By this year, data analysts will be in high demand in companies around the world, according to WEF forecasts
by AZREEN HANI/ pic by BERNAMA
A SINGLE receipt may not mean much to consumers, apart from record-keeping purposes. But for data analytic experts, this piece of paper provides an insight into the vital details companies or business owners should know, in order for them to strategise their operations better.
Over the past 10 years dubbed the “decade of disruption”, the world has witnessed how tech disruptors such as Grab Holdings Inc, Airbnb Inc, Amazon.com Inc and Netflix Inc have changed the way businesses are run.
With the advent of digitalisation, most businesses aren’t just seeking sales figures anymore. This decade, according to experts, companies that know how to analyse and leverage data will win big.
Data is said to be the world’s next biggest commodity, even more important than oil. By this year, data analysts will be in high demand in companies around the world, according to World Economic Forum (WEF) forecasts.
The increasing prominence of online data can no longer be ignored by brick-and-mortar retailers.
Failure to adapt will see them trailing behind other online retailers. This has already been deemed as one of the major reasons behind the “retail apocalypse” in the US.
“Data is going to be the next commodity. Small and medium enterprises (SMEs) and retailers need to learn and adapt to the current demand to remain relevant,” Innergia Labs Sdn Bhd CEO Vernon Chua told The Malaysian Reserve (TMR) in a recent interview.
The data from each receipt generated tells a lot about the buyer’s pattern — “what items they like, what time, when they are more likely to purchase, how they pay,” he added.
“A seasoned businessman would say that this is something he already knows, but it is acquired through years of experience. When he wants to pass on to his children to take over, they may not get the same acumen and years (of experience), so this is where we are able to assist.”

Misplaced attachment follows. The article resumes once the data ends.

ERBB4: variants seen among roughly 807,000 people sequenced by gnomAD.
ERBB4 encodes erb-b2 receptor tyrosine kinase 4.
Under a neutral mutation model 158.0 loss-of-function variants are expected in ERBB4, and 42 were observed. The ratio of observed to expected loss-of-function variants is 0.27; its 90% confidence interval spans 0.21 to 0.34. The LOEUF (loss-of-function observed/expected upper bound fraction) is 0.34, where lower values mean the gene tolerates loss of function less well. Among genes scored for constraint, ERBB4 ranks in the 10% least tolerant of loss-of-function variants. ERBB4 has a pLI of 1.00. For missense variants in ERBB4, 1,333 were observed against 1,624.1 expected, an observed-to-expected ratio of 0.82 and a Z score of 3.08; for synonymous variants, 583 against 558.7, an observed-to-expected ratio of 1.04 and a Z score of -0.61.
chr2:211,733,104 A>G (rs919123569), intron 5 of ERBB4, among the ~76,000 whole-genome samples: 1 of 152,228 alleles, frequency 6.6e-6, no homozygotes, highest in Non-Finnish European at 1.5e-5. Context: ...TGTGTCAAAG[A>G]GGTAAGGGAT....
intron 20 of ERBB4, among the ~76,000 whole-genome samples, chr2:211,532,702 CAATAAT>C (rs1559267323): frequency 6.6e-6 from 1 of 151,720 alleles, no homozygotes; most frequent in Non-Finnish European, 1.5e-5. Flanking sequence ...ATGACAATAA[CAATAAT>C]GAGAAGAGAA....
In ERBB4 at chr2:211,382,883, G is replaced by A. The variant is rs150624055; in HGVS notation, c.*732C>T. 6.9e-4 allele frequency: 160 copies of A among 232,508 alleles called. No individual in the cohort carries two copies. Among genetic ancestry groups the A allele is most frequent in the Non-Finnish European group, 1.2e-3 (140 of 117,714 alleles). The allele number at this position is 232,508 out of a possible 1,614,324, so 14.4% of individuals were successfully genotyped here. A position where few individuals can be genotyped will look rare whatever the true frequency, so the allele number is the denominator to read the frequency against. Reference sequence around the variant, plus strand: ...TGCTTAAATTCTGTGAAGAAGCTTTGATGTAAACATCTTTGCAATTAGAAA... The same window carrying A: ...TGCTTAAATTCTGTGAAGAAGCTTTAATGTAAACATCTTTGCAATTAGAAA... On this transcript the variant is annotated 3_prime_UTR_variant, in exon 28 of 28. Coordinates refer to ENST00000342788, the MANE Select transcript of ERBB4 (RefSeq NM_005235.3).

For retailers, their main focus would be increasing their revenues or how much the customers would spend, hence having an understanding of data that would allow retailers to plan their prices and strategise.
However, convincing local SMEs to venture into data analytics will be difficult due to concerns over privacy and cloud storage, which not all retailers are familiar with, Chua noted.
“We realise we have to educate (the SMEs). The good thing is, there is a lot of push from the government on the importance of data and digitisation for SMEs,” he said, adding that the awareness surrounding data has definitely improved from three years ago.
“We also need to teach about cloud storing, data ownership, the privacy issues around data (usage). The Cambridge Analytica Ltd scandal left a bad impression among the SMEs and we had to work hard to mitigate that,” he added.
Most local SMEs are aware of the importance of data, as well as the analysis and processing of data, said the 40-year-old entrepreneur. However, a lack of resources and time could hinder one’s participation in data mining.
“It is quite taxing to do it if they don’t have the tool to automate it,” Chua noted.
Room for Growth in Retail